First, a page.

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United States Files Motion to Enter Settlement with BP

March 22, 2016

Courtesy of Assistant Attorney General John C. Cruden of the Justice Department’s Environment and Natural Resources Division

Today, the United States asked the federal court in New Orleans to approve the settlement resolving the government’s civil claims against BP arising from the April 20, 2010, Macondo well blowout and the massive oil spill that followed in the Gulf of Mexico.  Today it is known as the Deepwater Horizon Oil Spill and it will be remembered as the largest off shore oil spill and certainly one of the largest environmental disasters in American history. 

On Oct. 5, 2015 the United States and the five Gulf states announced that proposed settlement, which would resolve the governments’ civil claims under the Clean Water Act and natural resources damage claims under the Oil Pollution Act and would also allow for implementation of a related settlement of economic damage claims of the Gulf states and local governments.  Taken together this global resolution of civil claims is worth more than $20 billion.  Since announcing the proposed settlement the Department of Justice, along with the five Gulf States and the Departments of Interior, Commerce and Agriculture as well as the Environmental Protection Agency and the U.S. Coast Guard have conducted eight public hearings and sought public comment on all aspects of the consent decree.  We are now providing all of the 28,000 comments we received to the court along with our evaluation as to why the final consent decree is fair, reasonable and in the public interest.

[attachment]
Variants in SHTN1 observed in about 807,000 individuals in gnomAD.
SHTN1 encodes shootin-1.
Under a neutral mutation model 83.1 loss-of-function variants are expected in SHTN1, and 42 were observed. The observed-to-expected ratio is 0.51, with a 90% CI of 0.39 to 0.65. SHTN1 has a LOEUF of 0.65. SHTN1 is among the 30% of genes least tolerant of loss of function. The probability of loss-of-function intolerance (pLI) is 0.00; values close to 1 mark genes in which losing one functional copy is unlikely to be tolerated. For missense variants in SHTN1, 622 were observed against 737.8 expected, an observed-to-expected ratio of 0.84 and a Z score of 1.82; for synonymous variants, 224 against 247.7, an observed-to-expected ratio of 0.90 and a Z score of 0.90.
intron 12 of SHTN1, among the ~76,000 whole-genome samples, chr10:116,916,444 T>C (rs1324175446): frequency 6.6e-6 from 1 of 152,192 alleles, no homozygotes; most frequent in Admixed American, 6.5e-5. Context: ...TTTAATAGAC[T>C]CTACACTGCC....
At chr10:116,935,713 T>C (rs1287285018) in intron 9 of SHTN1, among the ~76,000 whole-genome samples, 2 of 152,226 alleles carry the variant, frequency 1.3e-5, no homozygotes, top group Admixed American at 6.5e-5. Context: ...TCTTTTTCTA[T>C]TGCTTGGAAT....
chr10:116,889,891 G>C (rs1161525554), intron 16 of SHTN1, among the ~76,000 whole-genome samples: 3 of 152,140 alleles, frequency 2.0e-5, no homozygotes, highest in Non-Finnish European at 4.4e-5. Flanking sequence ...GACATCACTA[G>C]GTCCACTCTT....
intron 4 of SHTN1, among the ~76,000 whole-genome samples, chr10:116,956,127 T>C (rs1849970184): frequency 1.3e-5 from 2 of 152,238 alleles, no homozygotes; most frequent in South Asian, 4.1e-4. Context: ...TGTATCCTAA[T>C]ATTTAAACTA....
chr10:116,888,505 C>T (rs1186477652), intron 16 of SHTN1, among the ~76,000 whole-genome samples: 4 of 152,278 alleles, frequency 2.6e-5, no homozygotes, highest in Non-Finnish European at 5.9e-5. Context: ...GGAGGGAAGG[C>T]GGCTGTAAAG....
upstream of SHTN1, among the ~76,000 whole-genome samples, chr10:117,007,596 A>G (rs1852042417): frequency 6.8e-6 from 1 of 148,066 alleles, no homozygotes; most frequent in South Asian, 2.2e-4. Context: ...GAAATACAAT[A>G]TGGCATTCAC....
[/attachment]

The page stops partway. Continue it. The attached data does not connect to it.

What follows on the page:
With today’s action we take another step towards restoring the Gulf to its condition before the Deepwater spill – by bringing an unprecedented amount of resources that will be dedicating to this iconic ecosystem – and achieving justice for the American people.  If the proposed consent decree is approved by the court, BP will pay a Clean Water Act penalty of $5.5 billion (plus interest), $8.1 billion in natural resource damages, up to an additional $700 million to address injuries to natural resources that are presently unknown and $600 million for other claims, including claims under the False Claims Act, royalties and reimbursement of natural resource damage assessment costs and other expenses due to this incident.  Taken with the related agreement which requires BP to pay approximately $5.9 billion to the states and local government entities, BP will be paying a total of over $20 billion, the largest settlement with a single entity in the history of federal law enforcement.  We applaud the work of our federal counterparts and state and local partners who made this historic settlement happen with their diligence, energy and commitment.

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Updated March 3, 2017